Why Diversity Matters

“Our lives begin to end the day we become silent about things that matter.”
– Martin Luther King Jr.

I’ve been thinking something since June 2016 when I first read a blog posted by a new faculty member at Northeastern Seminary. It has stayed with me because I was overcome with emotion as I read it. Touched by the transparency and grace in which the blog was written, moved by a reality I do not know and confronted by my responsibility to make a change. Yes, one blog (and the moving of the Holy Spirit!) can do that.

I grew up understanding that all people are created by God and my job is to see and love those I come in contact with. And I agreed with that. In my own naïve mind I thought knowing this was enough. Most of my education has taken place in Christian communities, unfortunately not reflecting the beauty of God’s diversity. As I began my professional career I was fortunate enough to have the opportunity to be a part of diversity training and began understanding my own limits and biases. I learned I have privilege and access that others do not.  I learned I have a responsibility, given my privilege and position, to create access for others. To imply that I have “arrived” or understand fully would be an overstatement. I am still continuing on this journey of fully understanding God’s intended world.

After reading the June 2016 blog what came to mind was “This is why diversity matters!”

Diversity is important because it allows us to have a community of different perspectives. It allows us to begin to understand each other in new ways. It challenges us to break down the stereotypes around us and in our own minds. But what I read in this blog is different. It shows me diversity matters because we need to see ourselves in those around us. We need to see it in faculty, staff, students, alumni; teachers, lawyers, doctors, pastors and leaders. And yes, we needed to see diversity at the highest positions in our country. As I read this blog I heard why having a diverse campus for our students, our faculty and staff is important. And I heard that without it we may never fully understand the fullness and richness of who God is.

Today, as we celebrate the life of the Rev. Dr. Martin Luther King Jr., who stood tirelessly and faithfully in the face of opposition to gain freedom and equality for the oppressed, I am reminded of why diversity matters and the action I am called to take.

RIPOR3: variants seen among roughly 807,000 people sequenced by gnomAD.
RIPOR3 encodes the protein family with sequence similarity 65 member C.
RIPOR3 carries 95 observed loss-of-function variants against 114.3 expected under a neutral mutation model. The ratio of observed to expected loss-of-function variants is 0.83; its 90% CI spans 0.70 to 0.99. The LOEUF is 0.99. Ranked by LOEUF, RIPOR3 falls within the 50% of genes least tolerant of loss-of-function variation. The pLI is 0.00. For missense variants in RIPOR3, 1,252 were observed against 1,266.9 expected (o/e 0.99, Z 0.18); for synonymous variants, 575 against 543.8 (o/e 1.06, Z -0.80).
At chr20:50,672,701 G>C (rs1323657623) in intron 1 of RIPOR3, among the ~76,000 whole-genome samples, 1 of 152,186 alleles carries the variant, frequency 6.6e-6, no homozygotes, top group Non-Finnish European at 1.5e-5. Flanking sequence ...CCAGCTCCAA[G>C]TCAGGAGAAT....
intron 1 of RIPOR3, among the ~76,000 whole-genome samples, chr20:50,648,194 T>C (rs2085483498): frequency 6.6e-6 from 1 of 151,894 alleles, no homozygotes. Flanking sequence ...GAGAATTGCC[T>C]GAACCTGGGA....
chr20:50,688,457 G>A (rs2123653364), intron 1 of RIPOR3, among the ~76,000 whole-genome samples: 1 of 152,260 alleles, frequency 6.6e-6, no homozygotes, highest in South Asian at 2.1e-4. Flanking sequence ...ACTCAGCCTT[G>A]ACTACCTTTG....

The blog that opened my eyes was In God’s Good Time: On My First Class at Northeastern Seminary, written by faculty member Esau McCaulley. With his permission I have attached the link below. I encourage you to take a moment to read it. As I carefully read each word he wrote, I heard his heart, I heard his joy, I heard his pain and I heard his hope. May his words spur you to a new way of envisioning God’s kingdom and the world around you.


An Undeserving Gift

My favorite childhood memory of Easter is at my Grandma and Grandpa Stevens’ house. The extended family would come together for the afternoon meal, for which Grandma had prepared all of our favorite foods. My favorite? The deviled eggs. Each person had his or her favorite food and Grandma would make an extra amount of whatever it was you loved and send it home with you after the meal. As a young child, I never thought about the hours she must have spent preparing and cooking so that all 15 to 20 people could go home with something. I loved this day and my personal plate of deviled eggs because I felt special and I knew Grandma loved me. Looking back now, all I see is the selfless acts of love and her sweet smile that was always patient as we ran in and out of the kitchen waiting for the meal to be served.

This week I have been reflecting on the selfless gift given to each of us. How amazing it is that God would send his son to die on the cross, so we might have eternal life. I am aware of my own limits and in awe of such grace. How truly humbling to be so undeserving, yet given such a gift.

As we break for Good Friday and the Easter weekend, I pray each of you will be able to be with those you love, and have time to reflect on the amazing gift of salvation we have been given. Death could not keep him – He is Risen!

Email sent to the Roberts and Northeastern community. 

Homecoming 2015 – where legacy and future come together!

Homecoming 2015 was fabulous! It is hard to find the right words to articulate what made the three days so wonderful.  The alumni who descended on the campus brought an energy and love seen in their smiles, tears and sharing of memories.  The class reunions, with yearbooks open and old hairstyles revisited, brought alumni back to the deep sense of community they shared as students. The children of alumni, faculty and staff added laughter and joy, whether in the bounce house or at an athletic event. The current students brought energy under the big tent, sharing the exciting activities and their passion around student organizations. And there were the athletic events. Although there wasn’t a Redhawks soccer game, lacrosse, tennis and volleyball provided exciting games.  The weather was outstanding! I could go on and on…It was everything you would wish a homecoming to be.